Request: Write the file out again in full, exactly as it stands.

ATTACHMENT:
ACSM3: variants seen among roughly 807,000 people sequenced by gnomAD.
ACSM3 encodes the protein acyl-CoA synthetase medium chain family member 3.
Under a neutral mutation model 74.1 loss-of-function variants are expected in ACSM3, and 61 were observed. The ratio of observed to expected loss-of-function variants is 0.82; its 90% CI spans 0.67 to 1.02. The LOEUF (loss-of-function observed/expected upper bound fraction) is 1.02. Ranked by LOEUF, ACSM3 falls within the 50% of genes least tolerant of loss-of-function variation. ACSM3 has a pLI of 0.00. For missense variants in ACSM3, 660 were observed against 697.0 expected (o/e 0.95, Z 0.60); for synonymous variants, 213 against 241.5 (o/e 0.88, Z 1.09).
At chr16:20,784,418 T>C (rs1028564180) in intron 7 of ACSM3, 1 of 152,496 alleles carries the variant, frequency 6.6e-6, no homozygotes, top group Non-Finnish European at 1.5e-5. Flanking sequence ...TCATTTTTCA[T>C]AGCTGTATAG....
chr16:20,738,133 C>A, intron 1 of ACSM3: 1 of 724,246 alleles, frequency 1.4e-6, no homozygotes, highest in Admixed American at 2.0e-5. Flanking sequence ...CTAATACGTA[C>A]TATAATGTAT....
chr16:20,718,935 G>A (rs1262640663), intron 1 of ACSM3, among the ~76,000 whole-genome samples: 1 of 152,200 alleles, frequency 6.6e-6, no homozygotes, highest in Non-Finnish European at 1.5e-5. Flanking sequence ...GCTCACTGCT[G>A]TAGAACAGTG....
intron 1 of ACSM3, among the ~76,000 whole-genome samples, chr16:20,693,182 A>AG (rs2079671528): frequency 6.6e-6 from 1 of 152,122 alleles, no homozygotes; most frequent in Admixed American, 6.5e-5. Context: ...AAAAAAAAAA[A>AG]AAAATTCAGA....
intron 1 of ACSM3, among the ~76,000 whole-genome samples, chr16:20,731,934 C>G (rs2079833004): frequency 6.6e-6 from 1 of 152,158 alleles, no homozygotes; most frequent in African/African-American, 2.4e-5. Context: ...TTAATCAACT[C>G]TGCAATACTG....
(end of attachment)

ACSM3: variants seen among roughly 807,000 people sequenced by gnomAD.
ACSM3 encodes the protein acyl-CoA synthetase medium chain family member 3.
Under a neutral mutation model 74.1 loss-of-function variants are expected in ACSM3, and 61 were observed. The ratio of observed to expected loss-of-function variants is 0.82; its 90% CI spans 0.67 to 1.02. The LOEUF (loss-of-function observed/expected upper bound fraction) is 1.02. Ranked by LOEUF, ACSM3 falls within the 50% of genes least tolerant of loss-of-function variation. ACSM3 has a pLI of 0.00. For missense variants in ACSM3, 660 were observed against 697.0 expected (o/e 0.95, Z 0.60); for synonymous variants, 213 against 241.5 (o/e 0.88, Z 1.09).
At chr16:20,784,418 T>C (rs1028564180) in intron 7 of ACSM3, 1 of 152,496 alleles carries the variant, frequency 6.6e-6, no homozygotes, top group Non-Finnish European at 1.5e-5. Flanking sequence ...TCATTTTTCA[T>C]AGCTGTATAG....
chr16:20,738,133 C>A, intron 1 of ACSM3: 1 of 724,246 alleles, frequency 1.4e-6, no homozygotes, highest in Admixed American at 2.0e-5. Flanking sequence ...CTAATACGTA[C>A]TATAATGTAT....
chr16:20,718,935 G>A (rs1262640663), intron 1 of ACSM3, among the ~76,000 whole-genome samples: 1 of 152,200 alleles, frequency 6.6e-6, no homozygotes, highest in Non-Finnish European at 1.5e-5. Flanking sequence ...GCTCACTGCT[G>A]TAGAACAGTG....
intron 1 of ACSM3, among the ~76,000 whole-genome samples, chr16:20,693,182 A>AG (rs2079671528): frequency 6.6e-6 from 1 of 152,122 alleles, no homozygotes; most frequent in Admixed American, 6.5e-5. Context: ...AAAAAAAAAA[A>AG]AAAATTCAGA....
intron 1 of ACSM3, among the ~76,000 whole-genome samples, chr16:20,731,934 C>G (rs2079833004): frequency 6.6e-6 from 1 of 152,158 alleles, no homozygotes; most frequent in African/African-American, 2.4e-5. Context: ...TTAATCAACT[C>G]TGCAATACTG....